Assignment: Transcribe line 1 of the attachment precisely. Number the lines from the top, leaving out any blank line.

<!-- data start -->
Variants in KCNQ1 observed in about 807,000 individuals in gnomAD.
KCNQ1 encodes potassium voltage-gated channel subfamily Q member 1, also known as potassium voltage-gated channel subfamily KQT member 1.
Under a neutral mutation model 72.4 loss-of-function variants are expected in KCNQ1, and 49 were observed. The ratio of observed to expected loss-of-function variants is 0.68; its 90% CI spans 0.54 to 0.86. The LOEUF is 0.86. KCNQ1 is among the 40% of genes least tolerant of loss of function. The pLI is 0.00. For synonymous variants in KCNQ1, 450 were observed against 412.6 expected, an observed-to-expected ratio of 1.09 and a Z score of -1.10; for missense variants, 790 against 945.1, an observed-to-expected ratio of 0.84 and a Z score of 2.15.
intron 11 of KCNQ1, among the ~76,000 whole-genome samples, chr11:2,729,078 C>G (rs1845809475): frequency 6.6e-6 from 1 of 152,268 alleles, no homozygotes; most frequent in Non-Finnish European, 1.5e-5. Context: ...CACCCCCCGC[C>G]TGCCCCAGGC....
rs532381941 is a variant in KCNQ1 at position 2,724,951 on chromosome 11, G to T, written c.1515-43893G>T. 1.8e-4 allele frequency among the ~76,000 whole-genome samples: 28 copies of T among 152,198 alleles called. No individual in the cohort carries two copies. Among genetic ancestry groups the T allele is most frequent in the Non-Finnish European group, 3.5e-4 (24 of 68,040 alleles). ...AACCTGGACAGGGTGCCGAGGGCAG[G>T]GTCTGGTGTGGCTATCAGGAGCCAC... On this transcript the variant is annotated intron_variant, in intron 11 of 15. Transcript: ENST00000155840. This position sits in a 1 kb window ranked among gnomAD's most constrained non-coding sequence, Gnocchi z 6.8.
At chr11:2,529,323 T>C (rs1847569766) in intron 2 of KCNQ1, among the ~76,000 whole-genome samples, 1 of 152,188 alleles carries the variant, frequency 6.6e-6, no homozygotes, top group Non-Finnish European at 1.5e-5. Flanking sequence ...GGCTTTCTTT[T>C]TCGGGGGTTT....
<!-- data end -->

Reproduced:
Variants in KCNQ1 observed in about 807,000 individuals in gnomAD.